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Event Offers Lessons on Campus' Diversity

April 06, 1999|ERIC C. SANITATE

Multicultural Day at Moorpark College has come a long way since the first one in 1991.

Ranford Hopkins, a history professor who has been involved in the event since its inception, said it was difficult to get the program off the ground. Only five other faculty members were willing to pitch in at first.

"It seemed like an impossible task . . . but it worked out the first year, and we've been growing strong ever since," he said.

Multicultural Day, to be held on campus today from 8:30 a.m. to 9 p.m., will feature more than 60 free activities, including Japanese Taiko drummers, a Latin American guitar performance, a round-table discussion on interracial relationships and a presentation on jazz legend Duke Ellington. The public is invited to attend.

For the Record
Los Angeles Times Wednesday April 7, 1999 Ventura County Edition Metro Part B Page 4 Zones Desk 1 inches; 25 words Type of Material: Correction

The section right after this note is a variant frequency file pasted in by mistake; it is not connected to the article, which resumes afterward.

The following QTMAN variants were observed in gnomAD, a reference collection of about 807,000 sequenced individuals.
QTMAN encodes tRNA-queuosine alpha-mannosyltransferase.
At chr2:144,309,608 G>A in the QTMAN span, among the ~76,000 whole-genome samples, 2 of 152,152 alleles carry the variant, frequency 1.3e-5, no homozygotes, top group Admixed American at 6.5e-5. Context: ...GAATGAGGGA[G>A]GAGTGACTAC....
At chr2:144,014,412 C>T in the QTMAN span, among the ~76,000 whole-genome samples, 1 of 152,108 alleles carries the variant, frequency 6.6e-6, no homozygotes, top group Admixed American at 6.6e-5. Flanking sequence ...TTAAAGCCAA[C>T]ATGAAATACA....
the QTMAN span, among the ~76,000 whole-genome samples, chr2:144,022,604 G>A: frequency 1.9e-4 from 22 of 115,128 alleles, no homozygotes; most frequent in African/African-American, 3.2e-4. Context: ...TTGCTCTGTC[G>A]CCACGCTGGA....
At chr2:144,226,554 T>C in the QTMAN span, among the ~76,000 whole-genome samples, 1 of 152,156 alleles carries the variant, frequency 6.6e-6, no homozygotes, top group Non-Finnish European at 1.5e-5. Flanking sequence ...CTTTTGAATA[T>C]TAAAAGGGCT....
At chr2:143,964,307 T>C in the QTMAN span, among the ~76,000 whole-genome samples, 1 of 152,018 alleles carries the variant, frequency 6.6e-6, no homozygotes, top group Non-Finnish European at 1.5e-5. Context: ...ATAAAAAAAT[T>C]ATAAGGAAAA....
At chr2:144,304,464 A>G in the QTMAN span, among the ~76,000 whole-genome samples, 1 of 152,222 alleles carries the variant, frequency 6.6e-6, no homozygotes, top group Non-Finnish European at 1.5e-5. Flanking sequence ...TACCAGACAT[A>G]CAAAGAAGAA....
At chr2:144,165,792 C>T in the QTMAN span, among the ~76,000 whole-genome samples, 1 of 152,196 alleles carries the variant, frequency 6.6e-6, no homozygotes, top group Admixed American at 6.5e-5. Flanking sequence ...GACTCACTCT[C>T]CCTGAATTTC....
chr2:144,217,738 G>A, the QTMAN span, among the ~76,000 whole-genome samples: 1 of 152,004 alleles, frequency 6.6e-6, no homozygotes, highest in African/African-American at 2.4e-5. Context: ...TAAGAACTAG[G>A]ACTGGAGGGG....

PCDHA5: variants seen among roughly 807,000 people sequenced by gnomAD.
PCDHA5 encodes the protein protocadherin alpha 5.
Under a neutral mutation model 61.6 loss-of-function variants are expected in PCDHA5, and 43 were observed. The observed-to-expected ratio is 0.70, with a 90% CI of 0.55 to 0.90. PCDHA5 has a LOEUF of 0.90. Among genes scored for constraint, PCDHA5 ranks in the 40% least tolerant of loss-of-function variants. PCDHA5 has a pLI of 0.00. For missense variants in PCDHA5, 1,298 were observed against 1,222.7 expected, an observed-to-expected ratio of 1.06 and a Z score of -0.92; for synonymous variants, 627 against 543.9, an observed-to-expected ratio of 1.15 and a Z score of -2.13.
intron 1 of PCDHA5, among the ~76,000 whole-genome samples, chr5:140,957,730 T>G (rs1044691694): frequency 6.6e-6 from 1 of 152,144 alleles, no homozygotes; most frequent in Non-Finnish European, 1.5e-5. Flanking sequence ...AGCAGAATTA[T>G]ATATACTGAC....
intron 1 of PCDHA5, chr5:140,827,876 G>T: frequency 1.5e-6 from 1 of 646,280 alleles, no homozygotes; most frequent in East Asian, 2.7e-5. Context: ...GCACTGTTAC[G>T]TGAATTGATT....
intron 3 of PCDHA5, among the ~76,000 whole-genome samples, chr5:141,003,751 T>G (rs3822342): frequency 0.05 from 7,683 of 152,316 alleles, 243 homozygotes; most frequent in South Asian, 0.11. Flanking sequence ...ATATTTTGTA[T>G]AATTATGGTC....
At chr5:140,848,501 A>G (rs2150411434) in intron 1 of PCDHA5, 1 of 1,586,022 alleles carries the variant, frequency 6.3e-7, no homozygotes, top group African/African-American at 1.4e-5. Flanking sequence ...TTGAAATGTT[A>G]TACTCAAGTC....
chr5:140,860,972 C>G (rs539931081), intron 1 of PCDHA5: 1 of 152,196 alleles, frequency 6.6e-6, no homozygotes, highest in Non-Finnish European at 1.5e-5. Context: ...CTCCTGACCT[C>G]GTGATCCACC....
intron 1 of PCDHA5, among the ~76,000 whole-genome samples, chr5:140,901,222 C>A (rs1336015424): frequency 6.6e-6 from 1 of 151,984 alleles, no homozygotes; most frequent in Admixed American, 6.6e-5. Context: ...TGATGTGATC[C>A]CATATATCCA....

Multicultural Day-- The date and time of Moorpark College's Multicultural Day were incorrectly reported in a story Tuesday. The events will be held today, from 8:30 a.m. to 9 p.m.

Hopkins said he conceived the event to provide students with a greater understanding of the wide array of cultures represented on campus.

"It increases understanding among us to facilitate better human relations," he said. "It serves to create a feeling of humanity [for] each other."

While classes are not officially canceled for the event, the college's Office of Instruction has recommended that classes be recessed to allow students better access to the activities.

"There is a Disneyland, carnival-type atmosphere that is couched in an academic, experiential format because the thrust is educational," Hopkins said. "There is music, there is food, there is laughter--but first of all there is learning taking place about cultures from around the world."

Sociology professor Cynthia Barnett said the event's added element of fun also makes it more useful as a learning tool.

"Too often we follow the traditional mold of being stuck in the classroom and being the passive learner," she said. "This is a way for people to learn and to be actively involved and see applications of things they learn in a textbook or lecture."

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